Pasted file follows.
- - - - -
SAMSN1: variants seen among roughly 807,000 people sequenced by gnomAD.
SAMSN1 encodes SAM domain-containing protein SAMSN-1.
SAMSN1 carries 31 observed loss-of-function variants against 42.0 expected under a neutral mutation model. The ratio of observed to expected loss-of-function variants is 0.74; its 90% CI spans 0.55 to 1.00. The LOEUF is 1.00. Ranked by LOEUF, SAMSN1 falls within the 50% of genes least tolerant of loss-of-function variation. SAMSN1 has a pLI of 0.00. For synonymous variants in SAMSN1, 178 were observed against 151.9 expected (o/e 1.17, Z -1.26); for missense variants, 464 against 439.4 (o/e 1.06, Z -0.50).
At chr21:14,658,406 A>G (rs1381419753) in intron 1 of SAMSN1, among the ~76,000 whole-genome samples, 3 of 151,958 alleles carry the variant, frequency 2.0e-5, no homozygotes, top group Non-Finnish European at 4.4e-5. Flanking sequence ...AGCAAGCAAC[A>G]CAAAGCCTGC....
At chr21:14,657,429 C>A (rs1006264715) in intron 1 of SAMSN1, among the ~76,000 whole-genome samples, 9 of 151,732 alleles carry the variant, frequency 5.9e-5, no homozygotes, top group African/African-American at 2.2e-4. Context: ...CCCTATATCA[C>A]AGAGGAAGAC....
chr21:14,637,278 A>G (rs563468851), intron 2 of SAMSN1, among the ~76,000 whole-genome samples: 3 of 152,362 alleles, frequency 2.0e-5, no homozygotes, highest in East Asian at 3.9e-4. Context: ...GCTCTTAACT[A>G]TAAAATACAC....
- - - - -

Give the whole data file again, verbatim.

SAMSN1: variants seen among roughly 807,000 people sequenced by gnomAD.
SAMSN1 encodes SAM domain-containing protein SAMSN-1.
SAMSN1 carries 31 observed loss-of-function variants against 42.0 expected under a neutral mutation model. The ratio of observed to expected loss-of-function variants is 0.74; its 90% CI spans 0.55 to 1.00. The LOEUF is 1.00. Ranked by LOEUF, SAMSN1 falls within the 50% of genes least tolerant of loss-of-function variation. SAMSN1 has a pLI of 0.00. For synonymous variants in SAMSN1, 178 were observed against 151.9 expected (o/e 1.17, Z -1.26); for missense variants, 464 against 439.4 (o/e 1.06, Z -0.50).
At chr21:14,658,406 A>G (rs1381419753) in intron 1 of SAMSN1, among the ~76,000 whole-genome samples, 3 of 151,958 alleles carry the variant, frequency 2.0e-5, no homozygotes, top group Non-Finnish European at 4.4e-5. Flanking sequence ...AGCAAGCAAC[A>G]CAAAGCCTGC....
At chr21:14,657,429 C>A (rs1006264715) in intron 1 of SAMSN1, among the ~76,000 whole-genome samples, 9 of 151,732 alleles carry the variant, frequency 5.9e-5, no homozygotes, top group African/African-American at 2.2e-4. Context: ...CCCTATATCA[C>A]AGAGGAAGAC....
chr21:14,637,278 A>G (rs563468851), intron 2 of SAMSN1, among the ~76,000 whole-genome samples: 3 of 152,362 alleles, frequency 2.0e-5, no homozygotes, highest in East Asian at 3.9e-4. Context: ...GCTCTTAACT[A>G]TAAAATACAC....